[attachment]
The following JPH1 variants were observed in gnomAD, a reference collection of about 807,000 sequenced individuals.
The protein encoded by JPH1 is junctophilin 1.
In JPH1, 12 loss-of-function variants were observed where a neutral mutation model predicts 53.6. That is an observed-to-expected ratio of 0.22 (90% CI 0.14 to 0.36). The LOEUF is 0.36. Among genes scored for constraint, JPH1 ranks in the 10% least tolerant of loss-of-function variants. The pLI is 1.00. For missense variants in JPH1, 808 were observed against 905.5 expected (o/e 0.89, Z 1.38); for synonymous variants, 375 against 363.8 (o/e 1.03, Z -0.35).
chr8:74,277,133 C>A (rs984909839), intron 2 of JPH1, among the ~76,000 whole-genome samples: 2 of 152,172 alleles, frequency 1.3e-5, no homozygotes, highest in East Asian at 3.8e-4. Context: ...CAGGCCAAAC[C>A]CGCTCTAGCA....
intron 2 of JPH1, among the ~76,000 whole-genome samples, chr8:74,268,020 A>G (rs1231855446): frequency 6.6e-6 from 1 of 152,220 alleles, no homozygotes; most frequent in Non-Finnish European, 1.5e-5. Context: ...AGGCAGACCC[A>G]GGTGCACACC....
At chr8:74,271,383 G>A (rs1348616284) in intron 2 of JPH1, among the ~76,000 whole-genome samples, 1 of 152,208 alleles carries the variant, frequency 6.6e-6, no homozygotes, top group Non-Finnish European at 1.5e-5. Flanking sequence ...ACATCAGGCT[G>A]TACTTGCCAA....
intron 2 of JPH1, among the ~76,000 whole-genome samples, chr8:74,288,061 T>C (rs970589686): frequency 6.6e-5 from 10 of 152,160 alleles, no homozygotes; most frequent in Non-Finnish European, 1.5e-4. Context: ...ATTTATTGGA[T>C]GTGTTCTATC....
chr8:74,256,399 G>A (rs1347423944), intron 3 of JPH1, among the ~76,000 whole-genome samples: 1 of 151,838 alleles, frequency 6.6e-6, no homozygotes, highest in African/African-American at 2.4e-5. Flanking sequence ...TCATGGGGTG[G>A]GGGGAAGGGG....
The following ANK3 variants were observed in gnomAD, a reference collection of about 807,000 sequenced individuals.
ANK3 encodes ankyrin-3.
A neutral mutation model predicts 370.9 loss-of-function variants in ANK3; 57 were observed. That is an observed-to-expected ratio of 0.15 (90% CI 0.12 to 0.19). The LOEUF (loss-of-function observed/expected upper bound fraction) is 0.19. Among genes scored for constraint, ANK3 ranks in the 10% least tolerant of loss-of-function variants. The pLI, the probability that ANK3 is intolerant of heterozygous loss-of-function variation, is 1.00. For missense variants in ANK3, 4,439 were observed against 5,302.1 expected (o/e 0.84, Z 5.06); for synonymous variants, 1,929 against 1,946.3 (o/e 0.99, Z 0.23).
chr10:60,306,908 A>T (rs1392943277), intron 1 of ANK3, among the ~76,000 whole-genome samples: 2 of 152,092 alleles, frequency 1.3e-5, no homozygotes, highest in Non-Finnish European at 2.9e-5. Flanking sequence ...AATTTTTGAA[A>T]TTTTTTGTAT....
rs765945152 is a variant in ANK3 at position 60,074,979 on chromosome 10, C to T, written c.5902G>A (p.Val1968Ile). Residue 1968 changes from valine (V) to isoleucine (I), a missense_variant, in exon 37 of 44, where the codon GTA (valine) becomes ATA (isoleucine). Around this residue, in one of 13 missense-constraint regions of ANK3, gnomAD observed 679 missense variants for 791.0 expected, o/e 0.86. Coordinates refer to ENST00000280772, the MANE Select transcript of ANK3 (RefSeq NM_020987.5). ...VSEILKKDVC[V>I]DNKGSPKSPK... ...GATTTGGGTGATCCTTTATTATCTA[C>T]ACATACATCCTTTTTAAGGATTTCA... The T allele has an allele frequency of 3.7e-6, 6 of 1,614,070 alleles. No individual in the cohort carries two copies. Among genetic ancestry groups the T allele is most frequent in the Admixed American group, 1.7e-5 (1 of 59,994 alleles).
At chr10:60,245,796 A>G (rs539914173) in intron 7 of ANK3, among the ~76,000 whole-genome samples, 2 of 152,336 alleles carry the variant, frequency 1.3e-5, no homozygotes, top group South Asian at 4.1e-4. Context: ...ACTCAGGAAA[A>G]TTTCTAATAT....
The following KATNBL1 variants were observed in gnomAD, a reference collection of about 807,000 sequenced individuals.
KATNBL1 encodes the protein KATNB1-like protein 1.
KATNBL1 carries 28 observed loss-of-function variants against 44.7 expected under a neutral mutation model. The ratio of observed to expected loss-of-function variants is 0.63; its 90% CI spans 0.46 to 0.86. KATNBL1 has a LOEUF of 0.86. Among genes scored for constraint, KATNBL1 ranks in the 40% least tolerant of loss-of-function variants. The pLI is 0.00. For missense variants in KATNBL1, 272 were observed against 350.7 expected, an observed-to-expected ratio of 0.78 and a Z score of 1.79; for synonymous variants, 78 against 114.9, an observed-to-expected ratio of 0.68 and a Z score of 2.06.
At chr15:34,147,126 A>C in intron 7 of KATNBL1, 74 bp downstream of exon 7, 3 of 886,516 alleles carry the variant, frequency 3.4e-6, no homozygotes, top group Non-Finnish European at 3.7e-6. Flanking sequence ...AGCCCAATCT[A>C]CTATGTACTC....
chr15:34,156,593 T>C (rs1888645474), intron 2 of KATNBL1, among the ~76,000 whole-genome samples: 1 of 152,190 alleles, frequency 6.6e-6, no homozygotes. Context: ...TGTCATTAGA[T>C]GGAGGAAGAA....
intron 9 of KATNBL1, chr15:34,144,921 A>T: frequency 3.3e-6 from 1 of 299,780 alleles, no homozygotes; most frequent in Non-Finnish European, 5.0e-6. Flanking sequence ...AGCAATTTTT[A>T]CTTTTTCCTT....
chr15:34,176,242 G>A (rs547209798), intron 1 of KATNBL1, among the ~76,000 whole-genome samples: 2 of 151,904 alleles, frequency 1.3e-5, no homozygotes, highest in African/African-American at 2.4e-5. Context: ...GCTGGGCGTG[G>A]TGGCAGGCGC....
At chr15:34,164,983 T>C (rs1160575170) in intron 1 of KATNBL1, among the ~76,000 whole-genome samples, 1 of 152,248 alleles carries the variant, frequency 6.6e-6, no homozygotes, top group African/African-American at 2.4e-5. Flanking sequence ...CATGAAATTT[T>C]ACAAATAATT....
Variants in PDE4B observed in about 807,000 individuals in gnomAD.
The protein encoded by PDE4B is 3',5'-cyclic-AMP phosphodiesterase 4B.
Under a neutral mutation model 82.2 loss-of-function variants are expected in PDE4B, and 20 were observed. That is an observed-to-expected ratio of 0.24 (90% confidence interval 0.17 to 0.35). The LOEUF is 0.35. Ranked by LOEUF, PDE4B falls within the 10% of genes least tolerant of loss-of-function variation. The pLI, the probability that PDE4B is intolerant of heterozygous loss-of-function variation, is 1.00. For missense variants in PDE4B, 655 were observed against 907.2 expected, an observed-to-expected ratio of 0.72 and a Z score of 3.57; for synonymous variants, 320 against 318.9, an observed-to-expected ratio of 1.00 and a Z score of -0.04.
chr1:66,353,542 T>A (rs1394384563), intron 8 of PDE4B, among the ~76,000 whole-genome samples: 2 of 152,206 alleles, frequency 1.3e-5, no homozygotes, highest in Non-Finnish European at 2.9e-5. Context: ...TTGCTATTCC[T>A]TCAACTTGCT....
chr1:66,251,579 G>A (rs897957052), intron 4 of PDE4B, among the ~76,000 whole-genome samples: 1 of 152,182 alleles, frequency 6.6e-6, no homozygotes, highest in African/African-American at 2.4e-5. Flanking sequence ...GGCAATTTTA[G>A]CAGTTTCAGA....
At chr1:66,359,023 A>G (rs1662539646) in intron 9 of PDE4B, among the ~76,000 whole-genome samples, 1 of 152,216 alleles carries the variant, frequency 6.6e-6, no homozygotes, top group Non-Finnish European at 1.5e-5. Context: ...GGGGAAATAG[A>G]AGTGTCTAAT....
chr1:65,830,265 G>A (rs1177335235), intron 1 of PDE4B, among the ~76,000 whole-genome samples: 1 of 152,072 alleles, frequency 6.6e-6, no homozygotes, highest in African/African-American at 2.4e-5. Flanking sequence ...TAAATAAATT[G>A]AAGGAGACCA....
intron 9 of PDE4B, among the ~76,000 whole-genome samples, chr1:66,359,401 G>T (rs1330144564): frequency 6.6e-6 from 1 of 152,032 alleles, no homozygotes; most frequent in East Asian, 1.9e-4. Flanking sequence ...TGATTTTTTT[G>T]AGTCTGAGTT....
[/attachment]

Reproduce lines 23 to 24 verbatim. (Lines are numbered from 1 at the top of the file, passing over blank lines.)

Variants in PDE4B observed in about 807,000 individuals in gnomAD.
The protein encoded by PDE4B is 3',5'-cyclic-AMP phosphodiesterase 4B.